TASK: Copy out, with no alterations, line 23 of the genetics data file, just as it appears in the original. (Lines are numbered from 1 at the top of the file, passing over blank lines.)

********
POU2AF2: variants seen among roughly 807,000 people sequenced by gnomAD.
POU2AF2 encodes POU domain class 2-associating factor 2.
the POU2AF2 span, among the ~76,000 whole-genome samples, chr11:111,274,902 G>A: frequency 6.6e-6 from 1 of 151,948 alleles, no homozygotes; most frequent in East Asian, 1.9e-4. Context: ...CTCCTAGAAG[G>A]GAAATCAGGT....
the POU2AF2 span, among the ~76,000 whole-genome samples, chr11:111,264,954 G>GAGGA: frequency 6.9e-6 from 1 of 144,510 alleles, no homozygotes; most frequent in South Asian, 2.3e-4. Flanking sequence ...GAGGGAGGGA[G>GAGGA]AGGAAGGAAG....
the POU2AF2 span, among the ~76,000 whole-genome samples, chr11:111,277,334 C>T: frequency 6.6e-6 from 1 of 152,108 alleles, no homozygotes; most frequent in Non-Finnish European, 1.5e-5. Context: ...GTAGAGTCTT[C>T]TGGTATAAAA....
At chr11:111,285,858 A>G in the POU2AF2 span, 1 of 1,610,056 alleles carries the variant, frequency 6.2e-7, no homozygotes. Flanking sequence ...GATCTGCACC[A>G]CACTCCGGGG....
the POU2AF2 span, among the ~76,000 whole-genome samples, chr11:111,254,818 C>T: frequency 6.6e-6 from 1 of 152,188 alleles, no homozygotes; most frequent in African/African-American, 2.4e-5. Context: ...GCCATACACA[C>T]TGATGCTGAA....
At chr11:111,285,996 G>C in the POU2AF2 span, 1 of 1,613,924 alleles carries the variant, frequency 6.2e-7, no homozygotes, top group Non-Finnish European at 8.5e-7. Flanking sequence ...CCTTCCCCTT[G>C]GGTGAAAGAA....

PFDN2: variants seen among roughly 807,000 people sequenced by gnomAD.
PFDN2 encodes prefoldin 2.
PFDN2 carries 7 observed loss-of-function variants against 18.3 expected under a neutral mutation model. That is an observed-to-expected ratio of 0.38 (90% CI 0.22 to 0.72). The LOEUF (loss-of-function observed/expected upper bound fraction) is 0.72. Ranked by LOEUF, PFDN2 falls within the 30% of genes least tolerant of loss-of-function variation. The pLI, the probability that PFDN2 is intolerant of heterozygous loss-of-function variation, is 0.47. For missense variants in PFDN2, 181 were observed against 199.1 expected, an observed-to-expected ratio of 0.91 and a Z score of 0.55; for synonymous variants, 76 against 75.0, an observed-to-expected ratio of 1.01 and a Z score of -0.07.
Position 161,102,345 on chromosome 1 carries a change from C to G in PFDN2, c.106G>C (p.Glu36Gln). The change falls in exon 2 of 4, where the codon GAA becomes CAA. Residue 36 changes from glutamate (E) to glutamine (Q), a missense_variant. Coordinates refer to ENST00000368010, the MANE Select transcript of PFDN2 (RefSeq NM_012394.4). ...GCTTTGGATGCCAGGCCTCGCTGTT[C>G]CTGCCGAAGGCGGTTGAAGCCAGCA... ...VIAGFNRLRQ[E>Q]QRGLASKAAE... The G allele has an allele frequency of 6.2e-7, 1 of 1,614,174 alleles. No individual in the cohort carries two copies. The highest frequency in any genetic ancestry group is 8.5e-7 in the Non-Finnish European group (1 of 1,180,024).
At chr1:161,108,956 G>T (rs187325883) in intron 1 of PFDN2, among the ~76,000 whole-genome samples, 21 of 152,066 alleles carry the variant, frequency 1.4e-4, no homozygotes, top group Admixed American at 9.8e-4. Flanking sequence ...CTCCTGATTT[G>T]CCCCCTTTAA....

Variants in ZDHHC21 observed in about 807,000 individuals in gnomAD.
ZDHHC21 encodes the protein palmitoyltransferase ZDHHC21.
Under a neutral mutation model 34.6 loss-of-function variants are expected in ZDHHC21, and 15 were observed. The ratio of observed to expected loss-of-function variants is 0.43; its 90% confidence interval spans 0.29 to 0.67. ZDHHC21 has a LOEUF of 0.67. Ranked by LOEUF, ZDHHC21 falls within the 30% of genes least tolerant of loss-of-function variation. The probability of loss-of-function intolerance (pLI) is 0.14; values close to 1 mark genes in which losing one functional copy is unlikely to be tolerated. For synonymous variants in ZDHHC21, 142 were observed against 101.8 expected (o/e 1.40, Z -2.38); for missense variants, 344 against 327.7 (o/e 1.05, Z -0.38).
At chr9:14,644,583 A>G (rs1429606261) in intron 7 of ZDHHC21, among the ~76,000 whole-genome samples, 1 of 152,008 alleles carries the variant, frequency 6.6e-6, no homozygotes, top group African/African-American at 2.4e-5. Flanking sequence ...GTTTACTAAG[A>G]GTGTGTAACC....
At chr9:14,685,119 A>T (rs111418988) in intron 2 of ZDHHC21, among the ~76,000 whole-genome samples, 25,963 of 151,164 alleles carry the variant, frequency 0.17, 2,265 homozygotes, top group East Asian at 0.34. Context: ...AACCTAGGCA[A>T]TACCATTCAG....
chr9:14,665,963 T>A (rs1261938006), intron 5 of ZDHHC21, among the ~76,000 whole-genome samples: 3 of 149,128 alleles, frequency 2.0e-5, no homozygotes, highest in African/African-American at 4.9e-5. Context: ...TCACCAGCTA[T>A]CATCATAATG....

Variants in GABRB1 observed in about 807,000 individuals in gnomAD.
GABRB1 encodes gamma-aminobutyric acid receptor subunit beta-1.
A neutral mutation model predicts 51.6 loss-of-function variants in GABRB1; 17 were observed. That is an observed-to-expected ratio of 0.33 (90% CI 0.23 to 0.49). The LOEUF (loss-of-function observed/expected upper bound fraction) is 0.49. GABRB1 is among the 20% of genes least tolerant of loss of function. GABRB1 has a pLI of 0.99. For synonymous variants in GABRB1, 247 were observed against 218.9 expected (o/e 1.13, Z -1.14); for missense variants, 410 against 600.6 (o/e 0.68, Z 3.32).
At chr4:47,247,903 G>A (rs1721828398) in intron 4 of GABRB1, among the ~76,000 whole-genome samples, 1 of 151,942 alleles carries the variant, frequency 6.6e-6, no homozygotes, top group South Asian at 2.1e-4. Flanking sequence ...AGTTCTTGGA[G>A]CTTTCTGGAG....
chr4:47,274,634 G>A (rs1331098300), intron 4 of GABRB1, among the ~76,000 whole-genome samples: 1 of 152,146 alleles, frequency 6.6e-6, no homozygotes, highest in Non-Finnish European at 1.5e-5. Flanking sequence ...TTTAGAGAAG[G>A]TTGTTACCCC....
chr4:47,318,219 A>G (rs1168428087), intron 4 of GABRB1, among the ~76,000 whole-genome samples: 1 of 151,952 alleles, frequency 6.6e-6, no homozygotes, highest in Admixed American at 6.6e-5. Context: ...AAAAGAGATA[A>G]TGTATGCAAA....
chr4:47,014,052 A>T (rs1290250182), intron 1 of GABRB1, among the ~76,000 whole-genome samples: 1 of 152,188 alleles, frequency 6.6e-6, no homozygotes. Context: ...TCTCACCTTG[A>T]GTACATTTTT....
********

At chr4:47,247,903 G>A (rs1721828398) in intron 4 of GABRB1, among the ~76,000 whole-genome samples, 1 of 151,942 alleles carries the variant, frequency 6.6e-6, no homozygotes, top group South Asian at 2.1e-4. Flanking sequence ...AGTTCTTGGA[G>A]CTTTCTGGAG....